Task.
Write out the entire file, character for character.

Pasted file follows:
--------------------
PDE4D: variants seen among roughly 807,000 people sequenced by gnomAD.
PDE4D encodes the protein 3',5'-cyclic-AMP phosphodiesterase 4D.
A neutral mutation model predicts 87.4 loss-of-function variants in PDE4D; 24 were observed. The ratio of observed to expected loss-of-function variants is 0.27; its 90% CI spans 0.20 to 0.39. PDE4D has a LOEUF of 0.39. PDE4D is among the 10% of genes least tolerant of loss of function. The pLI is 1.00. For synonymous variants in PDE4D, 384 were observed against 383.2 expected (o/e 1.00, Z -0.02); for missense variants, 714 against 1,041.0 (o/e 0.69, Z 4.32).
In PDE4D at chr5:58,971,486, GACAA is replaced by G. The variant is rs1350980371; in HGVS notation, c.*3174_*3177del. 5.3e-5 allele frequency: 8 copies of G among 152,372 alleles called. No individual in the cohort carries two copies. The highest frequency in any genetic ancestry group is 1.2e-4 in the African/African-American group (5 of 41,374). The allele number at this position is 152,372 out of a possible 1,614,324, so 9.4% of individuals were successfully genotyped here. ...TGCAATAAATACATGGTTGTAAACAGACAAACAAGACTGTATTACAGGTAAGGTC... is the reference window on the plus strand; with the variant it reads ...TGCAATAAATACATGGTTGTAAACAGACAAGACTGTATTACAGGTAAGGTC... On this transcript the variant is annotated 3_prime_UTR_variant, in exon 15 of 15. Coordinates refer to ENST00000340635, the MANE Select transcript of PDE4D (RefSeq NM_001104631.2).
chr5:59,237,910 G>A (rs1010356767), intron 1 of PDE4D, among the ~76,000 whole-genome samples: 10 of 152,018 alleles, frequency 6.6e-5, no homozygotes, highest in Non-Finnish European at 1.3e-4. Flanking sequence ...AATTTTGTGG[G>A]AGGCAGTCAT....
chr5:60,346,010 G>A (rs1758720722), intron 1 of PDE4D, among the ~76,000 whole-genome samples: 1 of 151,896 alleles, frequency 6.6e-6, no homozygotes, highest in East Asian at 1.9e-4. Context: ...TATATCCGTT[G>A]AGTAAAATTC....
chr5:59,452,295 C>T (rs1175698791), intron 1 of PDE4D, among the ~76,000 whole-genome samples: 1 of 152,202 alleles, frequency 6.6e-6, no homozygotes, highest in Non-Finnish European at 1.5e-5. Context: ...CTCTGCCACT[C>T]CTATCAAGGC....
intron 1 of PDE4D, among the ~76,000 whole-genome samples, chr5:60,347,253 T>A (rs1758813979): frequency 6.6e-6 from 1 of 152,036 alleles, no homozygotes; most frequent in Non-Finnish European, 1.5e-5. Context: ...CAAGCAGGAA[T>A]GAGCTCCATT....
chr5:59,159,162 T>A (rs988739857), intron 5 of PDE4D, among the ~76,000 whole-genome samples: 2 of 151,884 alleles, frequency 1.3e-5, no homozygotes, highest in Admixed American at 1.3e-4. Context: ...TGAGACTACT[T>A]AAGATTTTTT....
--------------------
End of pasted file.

PDE4D: variants seen among roughly 807,000 people sequenced by gnomAD.
PDE4D encodes the protein 3',5'-cyclic-AMP phosphodiesterase 4D.
A neutral mutation model predicts 87.4 loss-of-function variants in PDE4D; 24 were observed. The ratio of observed to expected loss-of-function variants is 0.27; its 90% CI spans 0.20 to 0.39. PDE4D has a LOEUF of 0.39. PDE4D is among the 10% of genes least tolerant of loss of function. The pLI is 1.00. For synonymous variants in PDE4D, 384 were observed against 383.2 expected (o/e 1.00, Z -0.02); for missense variants, 714 against 1,041.0 (o/e 0.69, Z 4.32).
In PDE4D at chr5:58,971,486, GACAA is replaced by G. The variant is rs1350980371; in HGVS notation, c.*3174_*3177del. 5.3e-5 allele frequency: 8 copies of G among 152,372 alleles called. No individual in the cohort carries two copies. The highest frequency in any genetic ancestry group is 1.2e-4 in the African/African-American group (5 of 41,374). The allele number at this position is 152,372 out of a possible 1,614,324, so 9.4% of individuals were successfully genotyped here. ...TGCAATAAATACATGGTTGTAAACAGACAAACAAGACTGTATTACAGGTAAGGTC... is the reference window on the plus strand; with the variant it reads ...TGCAATAAATACATGGTTGTAAACAGACAAGACTGTATTACAGGTAAGGTC... On this transcript the variant is annotated 3_prime_UTR_variant, in exon 15 of 15. Coordinates refer to ENST00000340635, the MANE Select transcript of PDE4D (RefSeq NM_001104631.2).
chr5:59,237,910 G>A (rs1010356767), intron 1 of PDE4D, among the ~76,000 whole-genome samples: 10 of 152,018 alleles, frequency 6.6e-5, no homozygotes, highest in Non-Finnish European at 1.3e-4. Flanking sequence ...AATTTTGTGG[G>A]AGGCAGTCAT....
chr5:60,346,010 G>A (rs1758720722), intron 1 of PDE4D, among the ~76,000 whole-genome samples: 1 of 151,896 alleles, frequency 6.6e-6, no homozygotes, highest in East Asian at 1.9e-4. Context: ...TATATCCGTT[G>A]AGTAAAATTC....
chr5:59,452,295 C>T (rs1175698791), intron 1 of PDE4D, among the ~76,000 whole-genome samples: 1 of 152,202 alleles, frequency 6.6e-6, no homozygotes, highest in Non-Finnish European at 1.5e-5. Context: ...CTCTGCCACT[C>T]CTATCAAGGC....
intron 1 of PDE4D, among the ~76,000 whole-genome samples, chr5:60,347,253 T>A (rs1758813979): frequency 6.6e-6 from 1 of 152,036 alleles, no homozygotes; most frequent in Non-Finnish European, 1.5e-5. Context: ...CAAGCAGGAA[T>A]GAGCTCCATT....
chr5:59,159,162 T>A (rs988739857), intron 5 of PDE4D, among the ~76,000 whole-genome samples: 2 of 151,884 alleles, frequency 1.3e-5, no homozygotes, highest in Admixed American at 1.3e-4. Context: ...TGAGACTACT[T>A]AAGATTTTTT....